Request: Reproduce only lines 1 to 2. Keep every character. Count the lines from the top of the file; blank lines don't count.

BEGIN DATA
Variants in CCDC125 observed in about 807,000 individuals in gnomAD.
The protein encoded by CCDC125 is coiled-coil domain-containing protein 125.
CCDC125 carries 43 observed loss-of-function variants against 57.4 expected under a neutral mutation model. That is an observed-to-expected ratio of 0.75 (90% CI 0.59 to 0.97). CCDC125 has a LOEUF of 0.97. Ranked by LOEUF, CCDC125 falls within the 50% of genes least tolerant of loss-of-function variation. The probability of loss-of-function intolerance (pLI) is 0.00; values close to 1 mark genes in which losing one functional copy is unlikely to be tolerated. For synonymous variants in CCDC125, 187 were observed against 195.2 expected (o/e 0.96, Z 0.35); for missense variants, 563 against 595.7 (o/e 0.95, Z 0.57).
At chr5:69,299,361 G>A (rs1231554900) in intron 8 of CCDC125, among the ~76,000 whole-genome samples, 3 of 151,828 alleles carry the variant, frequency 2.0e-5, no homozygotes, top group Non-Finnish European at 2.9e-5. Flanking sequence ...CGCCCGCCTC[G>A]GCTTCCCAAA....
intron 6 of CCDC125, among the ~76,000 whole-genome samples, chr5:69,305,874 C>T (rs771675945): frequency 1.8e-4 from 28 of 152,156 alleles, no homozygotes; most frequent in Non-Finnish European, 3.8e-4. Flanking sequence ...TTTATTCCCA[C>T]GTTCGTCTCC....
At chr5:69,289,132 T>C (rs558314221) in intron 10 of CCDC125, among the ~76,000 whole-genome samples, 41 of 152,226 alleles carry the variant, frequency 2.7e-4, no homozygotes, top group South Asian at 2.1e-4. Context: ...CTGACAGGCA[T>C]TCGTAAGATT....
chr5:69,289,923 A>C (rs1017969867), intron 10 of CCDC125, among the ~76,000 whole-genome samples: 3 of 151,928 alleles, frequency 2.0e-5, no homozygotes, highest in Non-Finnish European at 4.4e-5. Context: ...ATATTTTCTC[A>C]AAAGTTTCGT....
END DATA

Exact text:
Variants in CCDC125 observed in about 807,000 individuals in gnomAD.
The protein encoded by CCDC125 is coiled-coil domain-containing protein 125.